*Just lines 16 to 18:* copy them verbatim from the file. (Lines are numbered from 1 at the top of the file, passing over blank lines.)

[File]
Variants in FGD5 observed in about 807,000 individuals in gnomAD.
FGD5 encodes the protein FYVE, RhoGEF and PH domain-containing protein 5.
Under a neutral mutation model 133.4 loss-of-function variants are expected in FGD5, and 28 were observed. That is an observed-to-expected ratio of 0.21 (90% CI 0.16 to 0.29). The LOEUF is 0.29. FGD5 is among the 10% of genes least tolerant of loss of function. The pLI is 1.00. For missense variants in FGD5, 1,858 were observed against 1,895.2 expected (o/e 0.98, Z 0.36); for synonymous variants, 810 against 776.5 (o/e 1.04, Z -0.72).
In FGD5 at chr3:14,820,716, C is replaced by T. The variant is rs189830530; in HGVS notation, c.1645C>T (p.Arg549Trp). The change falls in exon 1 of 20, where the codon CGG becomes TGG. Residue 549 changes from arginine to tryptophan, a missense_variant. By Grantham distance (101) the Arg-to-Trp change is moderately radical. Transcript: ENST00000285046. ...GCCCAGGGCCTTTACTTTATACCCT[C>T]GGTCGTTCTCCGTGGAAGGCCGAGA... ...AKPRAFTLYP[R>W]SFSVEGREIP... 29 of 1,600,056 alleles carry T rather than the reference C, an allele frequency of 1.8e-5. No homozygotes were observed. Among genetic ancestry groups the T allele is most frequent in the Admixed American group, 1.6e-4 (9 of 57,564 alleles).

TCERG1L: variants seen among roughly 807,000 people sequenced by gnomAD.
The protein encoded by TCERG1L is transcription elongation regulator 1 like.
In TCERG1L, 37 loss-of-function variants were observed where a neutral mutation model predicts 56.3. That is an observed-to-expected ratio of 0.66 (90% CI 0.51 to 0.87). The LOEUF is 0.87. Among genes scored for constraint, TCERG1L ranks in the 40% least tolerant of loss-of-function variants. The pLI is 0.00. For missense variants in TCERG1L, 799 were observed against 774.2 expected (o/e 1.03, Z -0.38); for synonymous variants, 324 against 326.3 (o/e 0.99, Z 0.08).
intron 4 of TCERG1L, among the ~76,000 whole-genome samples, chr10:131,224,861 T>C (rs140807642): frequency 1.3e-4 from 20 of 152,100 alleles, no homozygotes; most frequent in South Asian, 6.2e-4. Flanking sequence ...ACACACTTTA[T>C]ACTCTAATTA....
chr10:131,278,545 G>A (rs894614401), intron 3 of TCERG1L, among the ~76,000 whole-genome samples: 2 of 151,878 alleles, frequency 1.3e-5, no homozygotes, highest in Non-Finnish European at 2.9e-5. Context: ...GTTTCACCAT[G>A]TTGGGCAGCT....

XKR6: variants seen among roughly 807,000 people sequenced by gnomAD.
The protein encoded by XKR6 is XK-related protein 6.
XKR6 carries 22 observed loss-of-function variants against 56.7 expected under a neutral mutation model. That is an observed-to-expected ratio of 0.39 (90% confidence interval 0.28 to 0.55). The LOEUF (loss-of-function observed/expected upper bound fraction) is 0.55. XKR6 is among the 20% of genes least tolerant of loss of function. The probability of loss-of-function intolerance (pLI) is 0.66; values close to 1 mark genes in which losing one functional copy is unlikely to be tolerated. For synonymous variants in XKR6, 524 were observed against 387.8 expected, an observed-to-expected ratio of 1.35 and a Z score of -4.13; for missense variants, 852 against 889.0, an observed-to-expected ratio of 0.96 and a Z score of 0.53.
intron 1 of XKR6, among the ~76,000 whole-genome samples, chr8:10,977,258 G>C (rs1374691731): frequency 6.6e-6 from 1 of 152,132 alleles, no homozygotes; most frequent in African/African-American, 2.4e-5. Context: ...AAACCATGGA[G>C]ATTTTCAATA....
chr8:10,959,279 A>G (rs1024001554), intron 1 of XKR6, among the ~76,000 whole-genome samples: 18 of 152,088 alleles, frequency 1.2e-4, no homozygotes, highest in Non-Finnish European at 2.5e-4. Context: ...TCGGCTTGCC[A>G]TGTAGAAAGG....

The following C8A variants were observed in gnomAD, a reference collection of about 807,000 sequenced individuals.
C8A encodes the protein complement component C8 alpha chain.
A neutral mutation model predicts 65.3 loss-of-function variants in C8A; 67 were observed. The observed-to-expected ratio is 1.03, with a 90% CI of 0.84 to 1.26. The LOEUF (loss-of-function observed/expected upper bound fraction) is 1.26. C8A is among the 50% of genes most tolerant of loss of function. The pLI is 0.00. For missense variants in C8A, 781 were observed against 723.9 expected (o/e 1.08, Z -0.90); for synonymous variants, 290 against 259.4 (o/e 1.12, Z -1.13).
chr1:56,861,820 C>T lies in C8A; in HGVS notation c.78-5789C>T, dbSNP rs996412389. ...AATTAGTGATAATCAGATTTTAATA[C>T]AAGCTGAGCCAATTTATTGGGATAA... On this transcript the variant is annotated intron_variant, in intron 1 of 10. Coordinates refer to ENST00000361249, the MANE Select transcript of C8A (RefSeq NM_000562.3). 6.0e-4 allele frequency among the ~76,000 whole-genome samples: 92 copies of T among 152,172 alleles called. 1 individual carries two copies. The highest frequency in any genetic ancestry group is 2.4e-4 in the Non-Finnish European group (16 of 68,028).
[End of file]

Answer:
C8A encodes the protein complement component C8 alpha chain.
A neutral mutation model predicts 65.3 loss-of-function variants in C8A; 67 were observed. The observed-to-expected ratio is 1.03, with a 90% CI of 0.84 to 1.26. The LOEUF (loss-of-function observed/expected upper bound fraction) is 1.26. C8A is among the 50% of genes most tolerant of loss of function. The pLI is 0.00. For missense variants in C8A, 781 were observed against 723.9 expected (o/e 1.08, Z -0.90); for synonymous variants, 290 against 259.4 (o/e 1.12, Z -1.13).
chr1:56,861,820 C>T lies in C8A; in HGVS notation c.78-5789C>T, dbSNP rs996412389. ...AATTAGTGATAATCAGATTTTAATA[C>T]AAGCTGAGCCAATTTATTGGGATAA... On this transcript the variant is annotated intron_variant, in intron 1 of 10. Coordinates refer to ENST00000361249, the MANE Select transcript of C8A (RefSeq NM_000562.3). 6.0e-4 allele frequency among the ~76,000 whole-genome samples: 92 copies of T among 152,172 alleles called. 1 individual carries two copies. The highest frequency in any genetic ancestry group is 2.4e-4 in the Non-Finnish European group (16 of 68,028).